There seems to be a lot of confusion around the number of meals you should be eating each day to optimize weight loss. Is having 2 to 3 big meals better than 5 to 6 small meals or vice versa?
Common arguments around this topic include that eating breakfast kick-starts your metabolism, spreading your meals throughout the day can reduce hunger and cravings, or that eating right before bed causes weight gain. And what about intermittent fasting?
The truth is that the research shows mixed results and what works for one person may not work for everyone. To help you decide what is right for you, here are answers to the most common questions about meal frequency.
Does Eating Often Increase Metabolism?
In simple terms, your metabolism is the measurement of how efficiently your body generates and uses energy - in other words, how many calories you burn each day.
The biggest determinant of your overall energy expenditure is your basal metabolic rate (BMR) or resting metabolic rate (RMR). This is the minimum amount of calories your body needs to function at rest and accounts for roughly 60 to 70% of your total calorie needs. Your BMR can differ drastically from one person to the next based on age, muscle mass, genetics, overall health, etc. which is why some people can seem to eat whatever they want and not gain weight - it is their naturally fast metabolism.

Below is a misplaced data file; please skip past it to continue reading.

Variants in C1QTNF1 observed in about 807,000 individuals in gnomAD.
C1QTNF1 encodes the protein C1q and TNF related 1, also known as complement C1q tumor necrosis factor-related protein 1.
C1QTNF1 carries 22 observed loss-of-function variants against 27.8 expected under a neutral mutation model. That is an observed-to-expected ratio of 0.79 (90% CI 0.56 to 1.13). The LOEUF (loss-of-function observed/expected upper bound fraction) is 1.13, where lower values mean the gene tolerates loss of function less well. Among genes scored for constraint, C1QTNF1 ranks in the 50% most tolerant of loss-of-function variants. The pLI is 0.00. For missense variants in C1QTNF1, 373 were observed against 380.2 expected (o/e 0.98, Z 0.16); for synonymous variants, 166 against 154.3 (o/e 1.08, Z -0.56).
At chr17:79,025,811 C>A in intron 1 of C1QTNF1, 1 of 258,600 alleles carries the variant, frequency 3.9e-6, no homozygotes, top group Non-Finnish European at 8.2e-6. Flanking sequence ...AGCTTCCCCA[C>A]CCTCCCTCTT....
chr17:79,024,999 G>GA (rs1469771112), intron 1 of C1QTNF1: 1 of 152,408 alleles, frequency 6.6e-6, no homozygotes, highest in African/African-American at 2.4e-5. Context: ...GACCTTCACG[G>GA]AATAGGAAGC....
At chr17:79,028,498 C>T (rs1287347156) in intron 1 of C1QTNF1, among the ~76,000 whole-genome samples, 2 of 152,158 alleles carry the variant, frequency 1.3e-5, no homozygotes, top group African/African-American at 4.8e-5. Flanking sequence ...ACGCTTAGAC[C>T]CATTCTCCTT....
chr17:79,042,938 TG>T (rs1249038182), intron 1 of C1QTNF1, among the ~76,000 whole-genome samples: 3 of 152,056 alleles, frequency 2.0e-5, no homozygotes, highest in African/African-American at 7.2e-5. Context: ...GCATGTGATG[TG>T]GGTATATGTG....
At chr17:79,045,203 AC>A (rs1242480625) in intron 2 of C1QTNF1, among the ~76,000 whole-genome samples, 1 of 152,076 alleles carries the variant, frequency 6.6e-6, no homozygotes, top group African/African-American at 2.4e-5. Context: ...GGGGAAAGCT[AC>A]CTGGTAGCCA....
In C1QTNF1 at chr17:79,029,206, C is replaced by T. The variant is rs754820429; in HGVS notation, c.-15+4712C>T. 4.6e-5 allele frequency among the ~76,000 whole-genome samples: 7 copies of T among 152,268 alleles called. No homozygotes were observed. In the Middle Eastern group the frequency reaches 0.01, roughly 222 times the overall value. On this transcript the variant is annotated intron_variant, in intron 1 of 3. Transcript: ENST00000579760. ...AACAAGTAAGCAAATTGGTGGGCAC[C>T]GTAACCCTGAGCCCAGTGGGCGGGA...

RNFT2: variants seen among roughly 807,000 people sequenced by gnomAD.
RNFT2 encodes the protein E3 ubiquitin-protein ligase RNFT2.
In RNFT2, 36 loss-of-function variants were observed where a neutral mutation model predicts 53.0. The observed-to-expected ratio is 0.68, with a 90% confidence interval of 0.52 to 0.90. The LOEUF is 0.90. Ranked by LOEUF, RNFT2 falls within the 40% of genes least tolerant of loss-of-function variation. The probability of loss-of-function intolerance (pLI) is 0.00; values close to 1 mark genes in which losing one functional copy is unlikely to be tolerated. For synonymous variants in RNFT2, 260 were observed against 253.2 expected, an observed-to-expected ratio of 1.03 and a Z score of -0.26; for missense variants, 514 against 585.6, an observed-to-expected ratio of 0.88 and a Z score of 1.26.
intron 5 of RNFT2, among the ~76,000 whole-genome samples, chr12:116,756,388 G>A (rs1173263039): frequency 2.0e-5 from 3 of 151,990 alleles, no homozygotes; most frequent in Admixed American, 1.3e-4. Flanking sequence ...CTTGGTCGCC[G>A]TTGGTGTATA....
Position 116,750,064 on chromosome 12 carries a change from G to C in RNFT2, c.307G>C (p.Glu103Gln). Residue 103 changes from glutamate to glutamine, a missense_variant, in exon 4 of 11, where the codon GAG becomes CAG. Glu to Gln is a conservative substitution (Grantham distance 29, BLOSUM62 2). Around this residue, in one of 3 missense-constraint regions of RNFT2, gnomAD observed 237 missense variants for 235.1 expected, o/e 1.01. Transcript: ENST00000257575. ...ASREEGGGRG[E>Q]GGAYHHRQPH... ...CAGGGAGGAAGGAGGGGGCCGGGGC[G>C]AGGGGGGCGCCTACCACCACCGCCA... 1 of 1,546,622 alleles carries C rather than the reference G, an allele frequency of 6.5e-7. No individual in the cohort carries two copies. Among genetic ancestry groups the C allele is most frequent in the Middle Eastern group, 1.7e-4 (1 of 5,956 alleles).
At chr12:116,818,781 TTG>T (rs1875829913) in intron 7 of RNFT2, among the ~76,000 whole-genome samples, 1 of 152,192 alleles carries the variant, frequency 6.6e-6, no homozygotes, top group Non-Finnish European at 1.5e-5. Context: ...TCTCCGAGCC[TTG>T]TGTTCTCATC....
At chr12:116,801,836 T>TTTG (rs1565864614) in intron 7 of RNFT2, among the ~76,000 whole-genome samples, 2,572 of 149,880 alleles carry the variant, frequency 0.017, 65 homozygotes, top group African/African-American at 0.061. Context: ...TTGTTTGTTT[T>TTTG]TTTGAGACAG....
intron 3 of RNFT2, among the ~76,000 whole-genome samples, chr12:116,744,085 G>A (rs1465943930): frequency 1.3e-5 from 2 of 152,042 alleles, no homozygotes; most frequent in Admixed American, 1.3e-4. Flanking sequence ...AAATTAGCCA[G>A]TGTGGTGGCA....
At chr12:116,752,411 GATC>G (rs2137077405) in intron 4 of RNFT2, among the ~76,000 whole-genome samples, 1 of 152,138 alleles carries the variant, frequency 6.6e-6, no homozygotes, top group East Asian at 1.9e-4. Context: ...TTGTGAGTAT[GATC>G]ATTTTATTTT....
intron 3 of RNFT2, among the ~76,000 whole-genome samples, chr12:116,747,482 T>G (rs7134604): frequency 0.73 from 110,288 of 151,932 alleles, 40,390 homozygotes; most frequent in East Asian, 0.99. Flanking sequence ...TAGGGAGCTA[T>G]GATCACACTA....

Exercise or increased activity from moving around, in general, can also add to your calorie expenditure, but this still only accounts for a small portion of your overall output - less than 30% for most people.
So how can
Well, a tiny portion of your total daily energy expenditure (TDEE) is affected by the type of foods you consume and eating in general. Digesting food requires some work, so the actual act of eating uses up some calories. But the amount is fairly minimal - less than 10% of your daily calories burned (1).
The theory that eating stokes your metabolic flame is way overstated and has not really been shown to be an effective way to promote more weight loss. The amount of calories you consume almost always outweighs the calories you burn digesting.